Andrew Walker
I think it is a remarkable play - sometimes a little horrifying - but very well worth while picking up to read.
L. Madeleine
A timely work very much applicable to life here in the land of the free.
A. Levine

Most Helpful Customer Reviews

23 of 31 people found the following review helpful By A Customer on July 16, 1996
Format: Paperback
Written in the early sixties, the play frequently
abbreviated as Marat/Sade is set in 1808, yet many of the
comments are distinctly directed toward current events,
notably the upheavals in Eastern Europe. Now, with the
fall of the Soviet Union behind us, the play takes on even
greater significance. Despite the reassurances of the asylum
director, whether a mere fifteen years or well over two
hundred years have passed, the nature of revolutions, and
the fanatics who cause them, has not changed. Combining
historical events with modern theatrics, Weiss has produced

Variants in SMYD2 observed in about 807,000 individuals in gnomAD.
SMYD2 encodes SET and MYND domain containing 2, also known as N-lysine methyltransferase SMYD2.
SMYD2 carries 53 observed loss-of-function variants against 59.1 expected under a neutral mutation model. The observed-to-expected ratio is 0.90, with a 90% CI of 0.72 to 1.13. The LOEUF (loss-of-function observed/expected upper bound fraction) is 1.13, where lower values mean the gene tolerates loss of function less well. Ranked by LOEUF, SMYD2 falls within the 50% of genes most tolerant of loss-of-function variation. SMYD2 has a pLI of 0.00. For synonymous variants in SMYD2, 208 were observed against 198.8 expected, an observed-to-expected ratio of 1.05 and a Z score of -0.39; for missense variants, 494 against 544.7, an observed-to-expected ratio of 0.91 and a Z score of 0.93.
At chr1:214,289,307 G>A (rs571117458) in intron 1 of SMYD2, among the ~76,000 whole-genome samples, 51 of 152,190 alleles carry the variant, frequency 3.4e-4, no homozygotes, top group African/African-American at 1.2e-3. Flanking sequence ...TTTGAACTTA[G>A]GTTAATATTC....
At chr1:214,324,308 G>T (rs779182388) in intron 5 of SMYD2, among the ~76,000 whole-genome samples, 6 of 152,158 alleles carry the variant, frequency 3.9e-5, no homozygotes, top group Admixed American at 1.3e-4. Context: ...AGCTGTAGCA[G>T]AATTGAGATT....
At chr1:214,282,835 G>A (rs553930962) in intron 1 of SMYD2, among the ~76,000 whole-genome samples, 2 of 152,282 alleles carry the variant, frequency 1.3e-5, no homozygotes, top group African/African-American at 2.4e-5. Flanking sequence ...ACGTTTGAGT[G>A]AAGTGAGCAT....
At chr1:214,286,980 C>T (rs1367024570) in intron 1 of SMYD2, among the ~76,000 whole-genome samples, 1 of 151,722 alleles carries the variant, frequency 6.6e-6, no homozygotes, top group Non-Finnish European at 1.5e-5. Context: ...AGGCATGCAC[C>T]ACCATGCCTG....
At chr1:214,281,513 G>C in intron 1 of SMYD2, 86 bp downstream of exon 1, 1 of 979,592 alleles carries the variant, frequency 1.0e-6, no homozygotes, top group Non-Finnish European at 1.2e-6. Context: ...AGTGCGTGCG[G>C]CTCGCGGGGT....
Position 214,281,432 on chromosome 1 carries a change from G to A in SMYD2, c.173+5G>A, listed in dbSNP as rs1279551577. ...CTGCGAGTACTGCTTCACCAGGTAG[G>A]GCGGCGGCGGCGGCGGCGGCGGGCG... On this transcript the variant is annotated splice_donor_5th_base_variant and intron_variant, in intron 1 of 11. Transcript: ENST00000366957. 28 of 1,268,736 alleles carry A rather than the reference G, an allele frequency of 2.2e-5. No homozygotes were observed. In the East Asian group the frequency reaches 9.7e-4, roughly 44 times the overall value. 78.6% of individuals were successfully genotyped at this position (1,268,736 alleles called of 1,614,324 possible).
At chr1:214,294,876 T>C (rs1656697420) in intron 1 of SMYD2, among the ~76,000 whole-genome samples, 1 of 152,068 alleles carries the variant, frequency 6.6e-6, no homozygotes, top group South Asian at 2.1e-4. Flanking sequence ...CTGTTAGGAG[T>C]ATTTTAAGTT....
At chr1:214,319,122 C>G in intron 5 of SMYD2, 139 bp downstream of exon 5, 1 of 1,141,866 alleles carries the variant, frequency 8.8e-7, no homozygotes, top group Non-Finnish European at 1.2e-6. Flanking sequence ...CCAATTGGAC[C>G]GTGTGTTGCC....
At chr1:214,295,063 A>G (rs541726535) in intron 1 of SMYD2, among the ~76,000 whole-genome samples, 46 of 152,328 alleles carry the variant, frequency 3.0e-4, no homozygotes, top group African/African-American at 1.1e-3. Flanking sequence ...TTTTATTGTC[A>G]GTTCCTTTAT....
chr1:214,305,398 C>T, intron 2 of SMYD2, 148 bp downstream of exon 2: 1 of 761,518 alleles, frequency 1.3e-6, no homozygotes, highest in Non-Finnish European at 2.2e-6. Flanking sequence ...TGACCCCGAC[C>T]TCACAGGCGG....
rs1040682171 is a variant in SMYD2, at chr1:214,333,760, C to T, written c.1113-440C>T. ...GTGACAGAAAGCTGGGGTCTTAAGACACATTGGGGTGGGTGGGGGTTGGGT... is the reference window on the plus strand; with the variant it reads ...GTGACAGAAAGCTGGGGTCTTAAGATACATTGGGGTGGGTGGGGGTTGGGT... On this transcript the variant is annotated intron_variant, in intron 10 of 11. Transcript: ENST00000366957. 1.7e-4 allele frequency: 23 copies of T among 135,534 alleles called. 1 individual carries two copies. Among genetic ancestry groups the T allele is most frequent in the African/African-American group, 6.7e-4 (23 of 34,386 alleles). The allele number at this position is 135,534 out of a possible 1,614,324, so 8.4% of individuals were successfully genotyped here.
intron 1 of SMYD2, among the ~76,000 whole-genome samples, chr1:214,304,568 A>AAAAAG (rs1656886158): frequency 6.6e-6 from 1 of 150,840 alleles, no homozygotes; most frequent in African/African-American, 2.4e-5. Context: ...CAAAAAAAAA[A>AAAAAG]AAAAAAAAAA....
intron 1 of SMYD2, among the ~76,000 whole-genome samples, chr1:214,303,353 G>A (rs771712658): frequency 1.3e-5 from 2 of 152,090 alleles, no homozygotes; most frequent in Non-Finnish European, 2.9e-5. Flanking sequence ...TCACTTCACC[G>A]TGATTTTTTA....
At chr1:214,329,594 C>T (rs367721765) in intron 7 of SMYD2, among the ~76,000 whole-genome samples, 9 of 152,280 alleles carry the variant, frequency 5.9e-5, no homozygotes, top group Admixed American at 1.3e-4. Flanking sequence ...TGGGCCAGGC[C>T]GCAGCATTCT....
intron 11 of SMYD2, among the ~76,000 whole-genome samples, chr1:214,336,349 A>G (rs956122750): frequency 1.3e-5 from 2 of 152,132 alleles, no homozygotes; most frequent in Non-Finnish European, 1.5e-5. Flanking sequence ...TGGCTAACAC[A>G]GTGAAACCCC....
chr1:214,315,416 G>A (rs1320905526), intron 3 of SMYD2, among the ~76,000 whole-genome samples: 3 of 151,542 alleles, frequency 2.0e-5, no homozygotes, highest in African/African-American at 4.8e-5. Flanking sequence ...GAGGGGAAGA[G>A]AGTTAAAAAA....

what has been and will continue to be one of the most
disturbing, as well as one of the most important works
ever to be performed on stage.
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3 of 3 people found the following review helpful By P. Bradley on May 14, 2008
Format: Paperback
While certainly a brilliant play, I should mention that this edition differs slightly from the edition I used while in the United Kingdom. Aside from the typical spelling changes, certain words were changed slightly in meaning (Coulmier's "This is outright defeatism!" vs. "...outright pacifism!"). The biggest crime, however, was a drastic reduction of the final scene.

The UK edition features an extended Epilogue, including an explanation from Sade, the "resurrection" and counter-explanation of Marat, and a giant poster of Napoleon during the parade scene. In this edition, some of the Herald's lines were given to Coulmier to apparently bridge the gap.